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113. A late 18th century guribori lacquer netsuke in the form of a hyotan that served the dual function as a container for powdered ink to accompany a sagemono of yataté. This is an exemplary work of the guri lacquer technique of alternating layers of black and red lacquer, here deeply carved and polished in stylized cloud patterns. Fitted with silver mounts to serve as himotoshi and stopper. Ex: Atchley Collection. Illustrated: The Virginia Atchley Collection of Japanese Miniature Arts, pg. 173, ills. N242.

Height: 5.7 cm

 

114. An antique tagua nut (vegetable ivory) netsuke of a happy farmer, the skin of the nut forming his winter head wrap. Signed Shogyoku. Circa 1870.

Height: 4.6 cm 

 

           
           

115. Kaeru, kaeru, kaeru:
A symphony of frogs, I can hear them now. Seimin, at his idiosyncratic best, created this cluster of eleven ‘good luck’ frogs on a pair of raffia sandals with lotus leaf and ceremonial drum. Is it a wonder that Seimin’s nickname was ‘Kaeru’? Meinertzhagen writes, “Seimin was an artist in the true sense, combining originality, even eccentricity in his designs and techniques, with fine craftsmanship. His work is always inspired with artistic feeling.” Marine ivory with lustrous patination. Mid-19th century. Ex: Hahn Collection. Illustrated: Netsuke from the Teddy Hahn Collection, Barry Davies Oriental Art, pg. 83, ills. 111. For similar, but smaller examples: Davey, pg. 262, ills. 812; The Baur Collection, pg. 311, ills. C947.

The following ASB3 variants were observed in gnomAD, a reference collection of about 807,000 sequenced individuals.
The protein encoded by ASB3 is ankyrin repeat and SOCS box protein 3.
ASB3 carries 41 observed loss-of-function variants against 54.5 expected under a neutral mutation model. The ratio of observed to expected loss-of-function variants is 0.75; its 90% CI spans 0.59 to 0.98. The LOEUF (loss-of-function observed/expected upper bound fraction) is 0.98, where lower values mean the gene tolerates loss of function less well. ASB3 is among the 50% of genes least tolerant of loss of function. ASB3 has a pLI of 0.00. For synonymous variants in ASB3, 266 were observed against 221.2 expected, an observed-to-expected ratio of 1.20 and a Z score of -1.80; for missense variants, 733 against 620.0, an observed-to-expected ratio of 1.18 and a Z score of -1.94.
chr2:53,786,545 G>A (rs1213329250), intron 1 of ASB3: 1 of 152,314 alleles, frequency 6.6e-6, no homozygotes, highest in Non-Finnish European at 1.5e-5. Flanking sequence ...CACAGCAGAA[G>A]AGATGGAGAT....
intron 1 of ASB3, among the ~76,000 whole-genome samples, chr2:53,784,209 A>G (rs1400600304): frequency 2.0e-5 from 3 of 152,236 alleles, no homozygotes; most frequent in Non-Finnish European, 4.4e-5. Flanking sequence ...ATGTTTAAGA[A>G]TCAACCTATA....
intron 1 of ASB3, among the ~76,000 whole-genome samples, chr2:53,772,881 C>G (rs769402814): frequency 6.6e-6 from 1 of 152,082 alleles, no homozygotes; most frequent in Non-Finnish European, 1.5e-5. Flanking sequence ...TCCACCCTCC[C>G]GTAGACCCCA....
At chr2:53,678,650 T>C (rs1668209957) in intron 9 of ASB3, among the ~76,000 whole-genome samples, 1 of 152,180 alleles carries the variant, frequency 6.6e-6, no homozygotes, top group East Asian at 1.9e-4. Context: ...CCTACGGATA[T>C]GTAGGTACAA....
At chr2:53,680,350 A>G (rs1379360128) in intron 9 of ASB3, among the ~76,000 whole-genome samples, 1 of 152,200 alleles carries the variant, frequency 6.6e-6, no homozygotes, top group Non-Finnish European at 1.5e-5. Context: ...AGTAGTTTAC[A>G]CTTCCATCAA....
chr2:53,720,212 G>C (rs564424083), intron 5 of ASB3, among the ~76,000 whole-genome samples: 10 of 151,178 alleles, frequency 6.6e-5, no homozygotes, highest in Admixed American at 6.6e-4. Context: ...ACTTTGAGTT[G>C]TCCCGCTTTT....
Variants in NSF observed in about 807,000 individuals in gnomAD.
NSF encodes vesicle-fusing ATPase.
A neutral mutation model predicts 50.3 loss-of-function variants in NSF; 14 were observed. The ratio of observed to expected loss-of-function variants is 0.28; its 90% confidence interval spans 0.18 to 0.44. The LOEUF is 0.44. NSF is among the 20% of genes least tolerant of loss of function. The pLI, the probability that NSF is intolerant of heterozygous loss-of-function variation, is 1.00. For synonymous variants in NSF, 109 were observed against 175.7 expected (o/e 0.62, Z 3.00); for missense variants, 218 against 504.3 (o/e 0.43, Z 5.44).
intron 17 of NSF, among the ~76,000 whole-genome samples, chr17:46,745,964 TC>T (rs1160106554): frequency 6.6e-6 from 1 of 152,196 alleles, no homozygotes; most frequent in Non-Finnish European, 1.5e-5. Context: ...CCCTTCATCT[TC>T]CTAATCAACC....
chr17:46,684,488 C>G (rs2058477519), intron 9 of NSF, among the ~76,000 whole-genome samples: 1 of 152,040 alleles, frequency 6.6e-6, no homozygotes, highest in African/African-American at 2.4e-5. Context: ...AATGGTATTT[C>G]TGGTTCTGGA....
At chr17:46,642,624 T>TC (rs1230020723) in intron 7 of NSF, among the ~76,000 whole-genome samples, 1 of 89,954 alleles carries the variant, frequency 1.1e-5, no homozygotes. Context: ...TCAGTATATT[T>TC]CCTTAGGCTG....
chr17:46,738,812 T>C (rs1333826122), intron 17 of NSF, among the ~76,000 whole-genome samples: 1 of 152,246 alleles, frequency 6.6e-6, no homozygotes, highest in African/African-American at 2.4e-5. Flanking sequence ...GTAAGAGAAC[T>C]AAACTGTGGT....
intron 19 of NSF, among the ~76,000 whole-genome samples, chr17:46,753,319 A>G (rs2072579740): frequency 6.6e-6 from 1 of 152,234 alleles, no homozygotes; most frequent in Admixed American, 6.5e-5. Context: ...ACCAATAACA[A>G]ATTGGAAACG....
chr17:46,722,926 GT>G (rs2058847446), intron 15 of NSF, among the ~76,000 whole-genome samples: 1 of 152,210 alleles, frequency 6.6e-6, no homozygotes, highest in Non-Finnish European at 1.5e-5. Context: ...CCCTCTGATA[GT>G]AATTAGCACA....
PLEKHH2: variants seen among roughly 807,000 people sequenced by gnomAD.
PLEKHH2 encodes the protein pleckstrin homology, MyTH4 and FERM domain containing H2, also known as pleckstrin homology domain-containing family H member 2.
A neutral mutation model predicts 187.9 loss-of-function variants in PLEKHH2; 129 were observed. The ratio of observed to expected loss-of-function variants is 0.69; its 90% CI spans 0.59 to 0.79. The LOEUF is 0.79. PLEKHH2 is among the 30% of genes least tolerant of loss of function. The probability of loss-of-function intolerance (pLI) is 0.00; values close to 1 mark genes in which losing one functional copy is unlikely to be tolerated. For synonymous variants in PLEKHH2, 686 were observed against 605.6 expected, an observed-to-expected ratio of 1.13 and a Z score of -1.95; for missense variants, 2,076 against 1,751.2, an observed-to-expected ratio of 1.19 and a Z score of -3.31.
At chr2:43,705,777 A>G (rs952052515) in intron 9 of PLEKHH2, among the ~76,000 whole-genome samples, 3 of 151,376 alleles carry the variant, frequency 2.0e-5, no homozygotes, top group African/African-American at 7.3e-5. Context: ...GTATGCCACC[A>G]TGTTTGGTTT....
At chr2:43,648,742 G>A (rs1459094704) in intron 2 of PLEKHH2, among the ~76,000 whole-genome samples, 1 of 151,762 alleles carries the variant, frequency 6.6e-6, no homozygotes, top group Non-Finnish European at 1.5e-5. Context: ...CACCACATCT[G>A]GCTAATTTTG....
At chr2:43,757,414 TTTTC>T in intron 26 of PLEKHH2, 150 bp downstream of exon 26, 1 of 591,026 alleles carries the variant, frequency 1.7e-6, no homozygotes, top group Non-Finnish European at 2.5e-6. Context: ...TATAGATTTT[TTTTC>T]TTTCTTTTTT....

Length: 5.0 cm

 

116. A powerful ball of double abundance; two rolling rats whose plump, supple bodies fill the hand and delight the eye from every angle. Skillfully carved with extraordinary realism, the natural himotoshi in obvious placement for functional efficiency. A remarkable netsuke whose largess is with fixed intention, to be a boon of prosperity for the wearer. Boxwood with umimatsu eyes. Signed Keimin. 

Length: 5.5 cm


           
           

117. The Junishi – 12 animals of the zodiac. The artist has adeptly arranged each beast comfortably in each other’s company to create a compact composition that is captivating from all directions. Signed Chokyusai.

Length: 4.9 cm

 

118. An extraordinary antique Japanese carved ivory study of the human skull, remarkably realistic in its every detail. The artist has carved his study to be in two sections, so that the cranium of the skull may be removed to reveal an equally detailed interior where he has also placed his carefully engraved signature. Signed Kyokumon. Circa 1880. 

Length: 5.4 cm


           
           

119. This remarkable netsuke is carved from the hard shell of a kurumi (walnut) with 37 distinctive Noh and Kyogen theatrical masks. Clustered to appear random, but each one skillfully arranged in this compact composition. Signed Seimin. Circa 1830-40. Ex: Bushell Collection, Illustrated: Netsuke, Familiar and Unfamiliar, pg. 147, ills. 319.

Height: 3.8 cm

 

120. A most unusual antique ivory netsuke of two lanky frogs in juxtaposition upon a lotus pad, in parody of the Yin Yang symbol of balance and harmony. Attractively worn and patinated with a natural form himotoshi in the stem of the lotus pad. Eyes inlaid in brass. Circa 1840. Illustrated: Netsuke Through Three Centuries, Barry Davies Oriental Art, pg. 131, ills. 151.

Diameter: 4.0 cm


           
           

 

 

 


           
           

 

 

 

 

           
           

 

 

 

 

           
           

 

 

 

 

 

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